Table of contents (TOC)
Tom Finholt, Professor; Stéphane Côté, David Allison, GSIs
Contact information for Professor Finholt:
3030 East Engineering, 763-1466, firstname.lastname@example.org
Welcome! As the staff of Psychology 360 we're glad
Introduction to Organizational Psychology this term. This four credit course
offers a survey of the field of organizational psychology and aims to help you
understand and apply theory in a variety of areas, including: work attitudes
and motivation; group dynamics; organizational communication; organizational
structure and design; and organizational culture. Successful completion of
Psychology 360 is a prerequisite for upper-level organizational psychology
courses including: Psychology 361, Advanced Laboratory in Organizational
Psychology; Psychology 464, Group Behavior in Organizations; Psychology 561,
Special Topics in Organizational Psychology; and Psychology 565, Organizational
Our teaching philosophy As much as possible we
want to create a
classroom environment that allows you to actively participate in learning about
organizational psychology. Toward this end we want to encourage you to
interact both formally and informally with the instructional staff and with
your classmates. We welcome student initiative and look forward to hearing
from you about things we do well and about areas where you think we could
improve. In addition, we feel strongly that learning to write and speak
effectively about organizational psychology is the key to learning to think
effectively about organizational psychology. Learning to write and speak
effectively also has pragmatic benefits in terms of making you a better
communicator and therefore a stronger candidate for employment or graduate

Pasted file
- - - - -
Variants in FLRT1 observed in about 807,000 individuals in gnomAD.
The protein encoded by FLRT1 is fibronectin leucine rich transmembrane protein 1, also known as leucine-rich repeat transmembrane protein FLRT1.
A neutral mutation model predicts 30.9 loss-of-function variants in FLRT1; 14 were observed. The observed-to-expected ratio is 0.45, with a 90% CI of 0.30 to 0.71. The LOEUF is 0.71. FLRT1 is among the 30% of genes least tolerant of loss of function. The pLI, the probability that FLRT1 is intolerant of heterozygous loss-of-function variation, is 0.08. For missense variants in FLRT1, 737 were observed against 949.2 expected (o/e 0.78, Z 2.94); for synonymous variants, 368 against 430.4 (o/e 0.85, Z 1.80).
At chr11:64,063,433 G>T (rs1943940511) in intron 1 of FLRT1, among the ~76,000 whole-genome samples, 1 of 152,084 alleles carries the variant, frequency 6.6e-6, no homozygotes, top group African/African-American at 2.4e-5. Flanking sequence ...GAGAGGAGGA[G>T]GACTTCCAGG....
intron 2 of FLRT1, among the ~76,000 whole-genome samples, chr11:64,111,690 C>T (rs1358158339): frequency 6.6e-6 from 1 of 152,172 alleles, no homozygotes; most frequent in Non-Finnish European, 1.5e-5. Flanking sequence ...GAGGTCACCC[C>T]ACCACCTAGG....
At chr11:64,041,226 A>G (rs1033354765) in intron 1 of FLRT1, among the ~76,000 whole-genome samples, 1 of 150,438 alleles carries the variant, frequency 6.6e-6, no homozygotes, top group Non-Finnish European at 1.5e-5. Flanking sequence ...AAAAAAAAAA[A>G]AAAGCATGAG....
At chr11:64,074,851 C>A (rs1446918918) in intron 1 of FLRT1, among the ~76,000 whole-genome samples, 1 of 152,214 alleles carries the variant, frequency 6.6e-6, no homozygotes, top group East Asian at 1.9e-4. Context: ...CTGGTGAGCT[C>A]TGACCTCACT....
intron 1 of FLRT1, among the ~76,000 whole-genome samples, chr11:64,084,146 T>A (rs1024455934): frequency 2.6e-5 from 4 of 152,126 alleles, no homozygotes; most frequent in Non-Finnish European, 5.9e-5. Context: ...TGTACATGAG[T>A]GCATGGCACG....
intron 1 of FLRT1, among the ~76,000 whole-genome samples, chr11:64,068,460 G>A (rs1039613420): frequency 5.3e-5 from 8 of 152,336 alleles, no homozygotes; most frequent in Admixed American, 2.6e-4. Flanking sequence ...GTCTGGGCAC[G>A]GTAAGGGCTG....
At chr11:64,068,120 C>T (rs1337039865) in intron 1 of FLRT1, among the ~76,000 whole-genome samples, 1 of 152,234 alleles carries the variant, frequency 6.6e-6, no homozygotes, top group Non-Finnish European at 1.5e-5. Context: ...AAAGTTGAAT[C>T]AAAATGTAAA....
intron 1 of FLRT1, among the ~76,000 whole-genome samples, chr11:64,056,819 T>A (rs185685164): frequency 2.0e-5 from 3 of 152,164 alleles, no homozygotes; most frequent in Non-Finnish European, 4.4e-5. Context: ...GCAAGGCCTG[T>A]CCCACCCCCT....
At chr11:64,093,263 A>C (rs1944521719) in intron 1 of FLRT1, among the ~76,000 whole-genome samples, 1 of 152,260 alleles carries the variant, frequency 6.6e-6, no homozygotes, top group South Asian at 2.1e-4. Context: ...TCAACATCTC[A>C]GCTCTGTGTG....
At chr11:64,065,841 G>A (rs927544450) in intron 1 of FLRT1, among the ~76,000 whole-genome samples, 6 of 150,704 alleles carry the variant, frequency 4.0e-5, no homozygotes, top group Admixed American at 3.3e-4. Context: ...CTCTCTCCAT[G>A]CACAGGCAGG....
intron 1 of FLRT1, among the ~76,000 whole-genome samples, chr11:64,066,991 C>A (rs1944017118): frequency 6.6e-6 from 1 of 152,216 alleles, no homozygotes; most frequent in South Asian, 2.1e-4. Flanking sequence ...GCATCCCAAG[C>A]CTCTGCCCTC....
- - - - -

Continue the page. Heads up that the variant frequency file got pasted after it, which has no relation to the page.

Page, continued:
How we run things A typical week will start with a one
lecture on Monday. This lecture will identify and develop major themes from
that week's readings. The two hour discussion sections will build on the
survey lecture by allowing you to explore issues in-depth with your section
mates through participation in group exercises, viewing and discussion of
videos, class debates, and other activities. The one hour lecture on Fridays
will be reserved to expand areas of special interest related to the weekly
topic. The lecture style will be informal, with an expectation of high
participation on your part. Discussion sections will meet as follows:
Section 2, Wednesday, 10-noon, B114 MLB (Stéphane Côté)
Section 3, Tuesday, 9-11, 232 Dennison (David Allison)
Section 4, Wednesday, 3-5, 271 Dennison (David Allison)
Section 5, Thursday, noon-2, B239 East Hall (Stéphane Côté)
Strategy for success
What we think you need to do to succeed in this course
The staff of
Psychology 360 will do everything possible to create conditions that will allow
you to succeed. However, ultimately your success depends on the extent of your
personal effort. To support high performance, the staff of Psychology 360 have
outlined the following four guidelines:
Complete assignments in advance. You will be most
comfortable in class when you have completed the weekly
reading assignment in advance of the Monday lecture. An
important part of class sessions will be the dialogue between you, your
classmates, and the instructional staff. Although you may feel these
conversations put you "on the spot," questions will be posed in a friendly and
non-confrontational manner. Further, the staff will use these classroom
conversations to help you discover new ways of thinking about the material
you've studied, rather than as tests of whether you can recite a specific set
Write good papers. You will be happiest with our
evaluation of your performance on papers and
essays when your work is grammatically correct, free of spelling errors,
logically organized, precise, concise, clear, and original. The teaching staff
understand that scholarly writing is difficult. Therefore, written assignments
will always be structured as two-stage exercises. You will do first drafts,
receive feedback, revise, and then submit final versions. This gives you a
second chance to do well on written assignments and it introduces you to
important general writing practices of editing and revision that produce
Contribute meaningful comments. You will be most
satisfied with our evaluation of your class participation
when your comments indicate a thorough reading of course materials, distinguish
between facts and opinions, take into consideration contributions by your
classmates, and indicate a willingness to test new ideas. The teaching staff